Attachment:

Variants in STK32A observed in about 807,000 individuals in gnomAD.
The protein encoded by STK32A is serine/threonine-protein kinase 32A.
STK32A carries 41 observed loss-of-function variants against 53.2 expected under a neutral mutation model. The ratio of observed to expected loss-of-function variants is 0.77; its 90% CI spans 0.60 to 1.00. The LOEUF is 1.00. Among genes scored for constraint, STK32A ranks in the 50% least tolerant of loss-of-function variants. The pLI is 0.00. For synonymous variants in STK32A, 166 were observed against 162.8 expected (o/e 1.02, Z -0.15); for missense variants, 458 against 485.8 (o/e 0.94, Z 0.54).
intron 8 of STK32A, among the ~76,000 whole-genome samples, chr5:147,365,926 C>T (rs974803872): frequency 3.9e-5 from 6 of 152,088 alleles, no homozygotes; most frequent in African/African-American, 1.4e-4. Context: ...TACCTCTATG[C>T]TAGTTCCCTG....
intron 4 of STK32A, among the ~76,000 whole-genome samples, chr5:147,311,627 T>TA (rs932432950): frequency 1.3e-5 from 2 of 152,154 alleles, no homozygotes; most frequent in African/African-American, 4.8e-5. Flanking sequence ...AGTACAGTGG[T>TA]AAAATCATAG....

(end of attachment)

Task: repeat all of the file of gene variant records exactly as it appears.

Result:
Variants in STK32A observed in about 807,000 individuals in gnomAD.
The protein encoded by STK32A is serine/threonine-protein kinase 32A.
STK32A carries 41 observed loss-of-function variants against 53.2 expected under a neutral mutation model. The ratio of observed to expected loss-of-function variants is 0.77; its 90% CI spans 0.60 to 1.00. The LOEUF is 1.00. Among genes scored for constraint, STK32A ranks in the 50% least tolerant of loss-of-function variants. The pLI is 0.00. For synonymous variants in STK32A, 166 were observed against 162.8 expected (o/e 1.02, Z -0.15); for missense variants, 458 against 485.8 (o/e 0.94, Z 0.54).
intron 8 of STK32A, among the ~76,000 whole-genome samples, chr5:147,365,926 C>T (rs974803872): frequency 3.9e-5 from 6 of 152,088 alleles, no homozygotes; most frequent in African/African-American, 1.4e-4. Context: ...TACCTCTATG[C>T]TAGTTCCCTG....
intron 4 of STK32A, among the ~76,000 whole-genome samples, chr5:147,311,627 T>TA (rs932432950): frequency 1.3e-5 from 2 of 152,154 alleles, no homozygotes; most frequent in African/African-American, 4.8e-5. Flanking sequence ...AGTACAGTGG[T>TA]AAAATCATAG....